Director: Nuri Bilge Ceylan
Stars: Haluk Bilginer, Melisa Sozen
4 (out of 5) Globes
It can be uncouth to dwell on, and particularly to moan about, a movie’s super-length, as if you wouldn’t have wasted that time anyway. But the three and a quarter hours that comprise “Winter Sleep ” — the latest from Turkish filmmaker Nuri Bilge Ceylan, and the longest film to ever win the top prize at Cannes — are there to be felt. It invites you to sit back, get comfy and devour a grand feast of a film, one that should leave you feeling full and, this being the maker of “Distant” and “Once Upon a Time in Anatolia,” happily depressed.
Granted, that has more to do with general heaviosity than the immensity of its content. It has the feel of a minor novel from a great author that’s still the size of a doorstop — a quasi-hubristic work of excess that nonetheless contains a myriad of riches. In a sense it’s a hangout movie, albeit one with another of 2014’s many deeply unpleasant semi-sociopaths. Aydin (stage actor Haluk Bilginer) is a former actor and now a hotelier of a remote hotspot that sits atop a picturesque mountain. (He placates his artistic side by writing newspaper columns.) It’s the snow season, which means he spends much of his time indoors — and much of those times getting into epic, on-simmer arguments with his brutally honest sister (Demet Akbag) and his younger, bitter wife (Melisa Sozen). They don’t get up and walk about, screaming at each other. They sit, cozy, in burnished, sleepy rooms, almost whispering to each other, even as they file oft-ugly, sometimes right-on accusations.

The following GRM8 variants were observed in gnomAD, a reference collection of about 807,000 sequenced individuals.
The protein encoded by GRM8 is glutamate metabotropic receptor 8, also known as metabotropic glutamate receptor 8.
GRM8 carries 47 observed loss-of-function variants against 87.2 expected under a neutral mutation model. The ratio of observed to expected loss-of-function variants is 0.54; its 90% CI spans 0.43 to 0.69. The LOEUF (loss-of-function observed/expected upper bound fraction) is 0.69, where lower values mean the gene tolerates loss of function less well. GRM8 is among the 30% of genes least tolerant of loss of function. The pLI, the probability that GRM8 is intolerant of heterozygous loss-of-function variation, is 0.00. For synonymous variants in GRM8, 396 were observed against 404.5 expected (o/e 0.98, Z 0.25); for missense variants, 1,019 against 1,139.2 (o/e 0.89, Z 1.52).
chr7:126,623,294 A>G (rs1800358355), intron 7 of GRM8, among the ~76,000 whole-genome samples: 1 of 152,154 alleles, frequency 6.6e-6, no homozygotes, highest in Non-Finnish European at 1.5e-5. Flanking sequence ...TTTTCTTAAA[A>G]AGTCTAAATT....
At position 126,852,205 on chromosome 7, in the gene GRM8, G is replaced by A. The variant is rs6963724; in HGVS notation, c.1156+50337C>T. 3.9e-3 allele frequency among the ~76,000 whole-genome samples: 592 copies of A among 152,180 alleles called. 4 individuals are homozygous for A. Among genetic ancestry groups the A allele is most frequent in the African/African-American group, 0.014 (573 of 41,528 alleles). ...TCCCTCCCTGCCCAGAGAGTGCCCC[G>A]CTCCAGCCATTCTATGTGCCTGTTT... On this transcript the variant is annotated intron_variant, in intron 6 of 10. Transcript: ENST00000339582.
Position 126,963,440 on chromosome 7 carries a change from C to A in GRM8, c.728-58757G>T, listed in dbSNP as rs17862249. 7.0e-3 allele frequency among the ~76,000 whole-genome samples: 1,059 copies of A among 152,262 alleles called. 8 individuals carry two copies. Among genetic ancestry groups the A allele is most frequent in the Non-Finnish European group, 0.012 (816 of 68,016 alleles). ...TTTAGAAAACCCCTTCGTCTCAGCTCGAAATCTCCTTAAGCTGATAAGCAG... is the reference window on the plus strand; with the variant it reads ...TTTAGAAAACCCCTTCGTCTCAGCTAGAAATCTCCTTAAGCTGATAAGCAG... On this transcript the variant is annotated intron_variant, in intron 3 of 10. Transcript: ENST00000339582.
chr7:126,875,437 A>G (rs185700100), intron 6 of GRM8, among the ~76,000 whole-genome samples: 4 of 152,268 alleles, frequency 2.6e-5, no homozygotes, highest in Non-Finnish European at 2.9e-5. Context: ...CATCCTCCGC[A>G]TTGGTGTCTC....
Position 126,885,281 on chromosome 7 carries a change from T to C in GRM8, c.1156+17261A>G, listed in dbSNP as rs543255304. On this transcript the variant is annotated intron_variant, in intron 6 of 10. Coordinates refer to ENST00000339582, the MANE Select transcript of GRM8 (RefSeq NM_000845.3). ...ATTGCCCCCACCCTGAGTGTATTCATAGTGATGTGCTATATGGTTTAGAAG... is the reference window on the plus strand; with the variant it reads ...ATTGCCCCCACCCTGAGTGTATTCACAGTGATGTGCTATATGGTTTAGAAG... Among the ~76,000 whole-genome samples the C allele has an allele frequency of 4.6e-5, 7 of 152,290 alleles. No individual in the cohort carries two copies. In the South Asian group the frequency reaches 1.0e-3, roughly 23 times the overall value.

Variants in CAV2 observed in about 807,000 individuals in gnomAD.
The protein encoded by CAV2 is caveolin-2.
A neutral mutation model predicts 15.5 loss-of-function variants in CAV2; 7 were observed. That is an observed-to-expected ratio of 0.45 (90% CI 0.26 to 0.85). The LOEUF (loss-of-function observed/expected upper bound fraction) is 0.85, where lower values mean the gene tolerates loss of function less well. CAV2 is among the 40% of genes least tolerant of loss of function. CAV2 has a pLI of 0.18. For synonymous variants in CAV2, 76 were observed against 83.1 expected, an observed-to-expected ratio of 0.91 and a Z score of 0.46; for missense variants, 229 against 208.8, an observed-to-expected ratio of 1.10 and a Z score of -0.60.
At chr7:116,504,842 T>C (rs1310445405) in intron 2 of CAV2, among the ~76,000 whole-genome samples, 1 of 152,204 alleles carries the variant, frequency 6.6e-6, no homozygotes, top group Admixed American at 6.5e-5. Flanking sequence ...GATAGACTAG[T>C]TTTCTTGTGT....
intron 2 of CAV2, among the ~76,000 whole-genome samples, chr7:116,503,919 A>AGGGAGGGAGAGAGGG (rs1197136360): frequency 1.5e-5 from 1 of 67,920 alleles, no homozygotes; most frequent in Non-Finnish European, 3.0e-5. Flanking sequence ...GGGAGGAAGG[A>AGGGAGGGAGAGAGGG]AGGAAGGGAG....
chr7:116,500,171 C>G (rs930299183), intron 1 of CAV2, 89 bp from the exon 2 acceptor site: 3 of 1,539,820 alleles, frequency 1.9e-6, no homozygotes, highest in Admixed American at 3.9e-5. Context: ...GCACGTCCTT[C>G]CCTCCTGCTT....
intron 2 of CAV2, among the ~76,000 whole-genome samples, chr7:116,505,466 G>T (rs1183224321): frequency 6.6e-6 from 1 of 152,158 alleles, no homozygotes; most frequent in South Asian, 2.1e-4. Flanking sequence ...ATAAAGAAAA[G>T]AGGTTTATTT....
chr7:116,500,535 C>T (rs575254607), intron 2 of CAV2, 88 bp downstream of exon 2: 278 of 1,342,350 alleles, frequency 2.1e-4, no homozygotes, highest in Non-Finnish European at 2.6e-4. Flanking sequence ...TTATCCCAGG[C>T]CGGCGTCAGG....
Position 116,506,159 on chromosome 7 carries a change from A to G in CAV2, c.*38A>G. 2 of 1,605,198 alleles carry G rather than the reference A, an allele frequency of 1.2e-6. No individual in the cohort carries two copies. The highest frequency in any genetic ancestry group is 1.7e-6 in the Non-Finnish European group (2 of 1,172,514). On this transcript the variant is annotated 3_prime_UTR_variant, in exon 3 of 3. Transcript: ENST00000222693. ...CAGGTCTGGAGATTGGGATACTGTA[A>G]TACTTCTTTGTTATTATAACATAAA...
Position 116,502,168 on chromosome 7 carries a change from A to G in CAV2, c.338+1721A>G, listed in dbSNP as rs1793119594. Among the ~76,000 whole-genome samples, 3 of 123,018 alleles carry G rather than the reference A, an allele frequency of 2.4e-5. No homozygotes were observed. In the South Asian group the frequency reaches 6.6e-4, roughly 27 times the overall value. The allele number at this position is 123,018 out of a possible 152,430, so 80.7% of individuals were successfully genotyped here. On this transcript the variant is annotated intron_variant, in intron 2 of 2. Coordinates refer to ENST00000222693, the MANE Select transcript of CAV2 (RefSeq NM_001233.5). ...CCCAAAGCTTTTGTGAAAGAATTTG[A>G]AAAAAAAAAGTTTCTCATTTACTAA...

Much of “Winter Sleep” is endless talk — conversations that go on forever, with no end in sight, as they do in the documentaries of Frederick Wiseman, where you hang with endless, sometimes banal chatter until something jumps out at you. But Ceylan really wants us to stew in these interactions, to allow the complexities of the relationships and ideas to slowly reveal themselves. This is a renegade movie for an era when conversation is, as they say, dead. (Here’s another aspect of difficult movie watching one shouldn’t normally complain about: Having to actually read these conversations can, for those who don’t speak Turkish, make these scenes doubly laborious to get through.)
There’s also a subplot that winds up largely ignored in “Winter Sleep”’s talky middle section. Aydin is also a landlord, and one of his tenants can’t pay up. This section features a phenomenally sinister turn from Nejat Isler as the tenant — a man so used to being trod upon that all of his anger has been redirected into a permanent, menacing scowl. He never raises his voice nor comes close to it, and his reaction to an at least somewhat condescending act of kindness from his wealthy overlords is at once foolish and nobly righteous. That this subplot feels rushed and almost half-assed — in something almost as long as “The Godfather Part II” — is definitely the funniest joke in a movie that happily isn’t allergic to them.